On June 28th the European Centre for Disease Control (ECDC) reported that a “cluster” of cases had been brought to their attention between January and April of 2018 with regard to patients found to be carrying a particular bug known as Klebsiella pneumoniae ST392 in holiday makers all known to have previously travelled to Gran Canaria in the last year. They produced a report to help medical professionals understand any potential “threat” as the strain may be antibiotic resistant.
8 cases were reported in Sweeden, 6 of whom had travelled to Gran Canaria in the last 12 months and 7 cases were reported in Norway who also had recently been on the island. In total 13 people who had at some point in the last 12 months visited Gran Canaria, collectively grouped as a “cluster”. Furthermore a significant number of these 13 were also found to have all visited the same hospital in that time, raising the likelihood that this is where they contracted the bug. This is what they call a “tight-cluster” The ECDC updated their report last week.
Klebsiella pneumoniae is naturally present in your mouth, your skin and your intestines and never usually causes any issues. However it has been known to cause destructive damage to the lungs leading to pneumonia if inhaled or if it enters the bloodstream through an open wound can cause blood infections, sometimes serious. Neither cause is likely to occur outside of a hospital setting, hence the importance of identifying the medical centre the patients had in common.
Those most at risk of infection are patients with underlying respiratory conditions, diabetes, alcoholism, malignancy, liver disease, chronic obstructive pulmonary diseases, or who have had glucocorticoid therapy, renal failure etc. It cannot be transmitted through the air, and is instead most likely to travel on unwashed hands of medical staff or possibly invasive implements inserted into the body. There is next to no risk in hotels or on beaches or anywhere else outside a medical setting.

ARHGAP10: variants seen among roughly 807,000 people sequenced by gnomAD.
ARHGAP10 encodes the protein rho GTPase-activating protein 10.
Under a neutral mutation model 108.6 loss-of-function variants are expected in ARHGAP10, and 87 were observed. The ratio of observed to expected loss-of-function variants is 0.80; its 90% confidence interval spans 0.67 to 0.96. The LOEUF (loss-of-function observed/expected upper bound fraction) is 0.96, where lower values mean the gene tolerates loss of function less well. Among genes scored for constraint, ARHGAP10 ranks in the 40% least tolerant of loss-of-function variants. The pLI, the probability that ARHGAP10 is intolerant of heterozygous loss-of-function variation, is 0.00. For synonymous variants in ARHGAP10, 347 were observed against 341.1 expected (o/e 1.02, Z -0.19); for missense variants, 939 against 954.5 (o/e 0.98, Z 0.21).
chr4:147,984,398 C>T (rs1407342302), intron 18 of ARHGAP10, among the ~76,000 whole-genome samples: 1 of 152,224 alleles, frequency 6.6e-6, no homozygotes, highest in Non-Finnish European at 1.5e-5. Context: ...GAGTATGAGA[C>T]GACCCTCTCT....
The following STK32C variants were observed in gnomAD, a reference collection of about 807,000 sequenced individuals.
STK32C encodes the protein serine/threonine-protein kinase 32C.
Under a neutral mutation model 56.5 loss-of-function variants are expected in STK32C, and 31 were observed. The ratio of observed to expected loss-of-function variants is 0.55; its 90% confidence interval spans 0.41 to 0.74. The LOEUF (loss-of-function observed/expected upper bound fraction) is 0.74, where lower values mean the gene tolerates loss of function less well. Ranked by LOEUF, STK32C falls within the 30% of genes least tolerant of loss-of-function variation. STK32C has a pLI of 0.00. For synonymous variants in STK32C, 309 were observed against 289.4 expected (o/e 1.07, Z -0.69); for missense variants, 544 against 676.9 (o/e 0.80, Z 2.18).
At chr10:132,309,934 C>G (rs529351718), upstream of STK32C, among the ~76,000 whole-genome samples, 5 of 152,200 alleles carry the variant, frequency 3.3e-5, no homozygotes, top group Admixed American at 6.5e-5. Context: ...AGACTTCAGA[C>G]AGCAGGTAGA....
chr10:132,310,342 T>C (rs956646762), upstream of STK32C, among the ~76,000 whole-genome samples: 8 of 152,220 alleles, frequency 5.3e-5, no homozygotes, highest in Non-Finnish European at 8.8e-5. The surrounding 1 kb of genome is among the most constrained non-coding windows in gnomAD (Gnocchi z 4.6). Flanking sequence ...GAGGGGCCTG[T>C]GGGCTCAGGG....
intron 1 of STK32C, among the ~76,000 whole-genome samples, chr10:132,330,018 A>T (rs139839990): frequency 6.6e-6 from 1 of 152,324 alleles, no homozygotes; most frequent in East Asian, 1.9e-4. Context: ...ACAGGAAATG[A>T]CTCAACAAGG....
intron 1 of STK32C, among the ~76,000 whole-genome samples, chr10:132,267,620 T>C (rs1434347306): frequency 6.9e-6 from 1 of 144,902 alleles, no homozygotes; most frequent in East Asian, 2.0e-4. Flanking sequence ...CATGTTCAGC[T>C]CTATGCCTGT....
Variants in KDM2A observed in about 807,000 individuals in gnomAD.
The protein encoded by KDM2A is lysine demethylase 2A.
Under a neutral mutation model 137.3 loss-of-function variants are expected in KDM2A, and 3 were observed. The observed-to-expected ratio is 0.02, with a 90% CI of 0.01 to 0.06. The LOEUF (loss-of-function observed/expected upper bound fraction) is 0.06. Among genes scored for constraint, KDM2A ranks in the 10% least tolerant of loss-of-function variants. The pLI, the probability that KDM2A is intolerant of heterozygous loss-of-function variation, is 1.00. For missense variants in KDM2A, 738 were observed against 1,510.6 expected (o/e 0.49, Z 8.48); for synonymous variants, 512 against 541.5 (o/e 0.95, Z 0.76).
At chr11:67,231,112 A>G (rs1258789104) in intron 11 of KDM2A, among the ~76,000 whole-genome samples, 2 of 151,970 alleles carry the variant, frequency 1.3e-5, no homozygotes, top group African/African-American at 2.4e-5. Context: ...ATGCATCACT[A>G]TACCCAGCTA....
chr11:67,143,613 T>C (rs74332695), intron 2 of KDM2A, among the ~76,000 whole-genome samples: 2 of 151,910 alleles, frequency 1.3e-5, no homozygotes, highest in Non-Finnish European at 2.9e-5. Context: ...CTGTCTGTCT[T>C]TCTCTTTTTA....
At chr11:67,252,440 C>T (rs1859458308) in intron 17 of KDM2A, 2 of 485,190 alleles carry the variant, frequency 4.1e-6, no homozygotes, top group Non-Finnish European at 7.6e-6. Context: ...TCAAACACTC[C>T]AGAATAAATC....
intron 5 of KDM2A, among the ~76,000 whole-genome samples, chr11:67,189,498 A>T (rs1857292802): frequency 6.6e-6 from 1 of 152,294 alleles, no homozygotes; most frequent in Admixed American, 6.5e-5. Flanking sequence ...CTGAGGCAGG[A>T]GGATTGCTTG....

The advice from the ECDC has been simply to raise awareness of the need to screen any patients presenting symptoms to find out whether they have recently travelled to Gran Canaria, and indeed if they attended any medical centres while on the island. If so then the patient should be screened for Klebsiella pneumoniae ST392 or similar.
It is still not known which hospital the tourists all visited, though some reports have mentioned a Private Hospital in the south of Gran Canaria, which really only leaves one, maybe two, possible places.
The situation is, at least for now, completely and utterly under control with next to no risk whatsoever to the public.
The idea of this infection “sweeping the Canary Islands” or indeed heralding the oncoming zombie apocalypse starting on Gran Canaria is pure hyperbole, utter bollocks and poppycock of the most resounding kind!
Thank you tabloid reading Britain for raising unmerited fears once more, we here on Gran Canaria will continue to enjoy our lack of pandemic horror, laying on our pristine uninfected beaches under blue skies and bright sunshine, as you all continue to eat up the garbage produced by your so-called newspapers.
This is an EU super-bug for EU people, so you Brits have little to worry about after next March, other than the future difficulties you might well encounter thanks to your laudable press and fear mongering politicians. Good luck with that.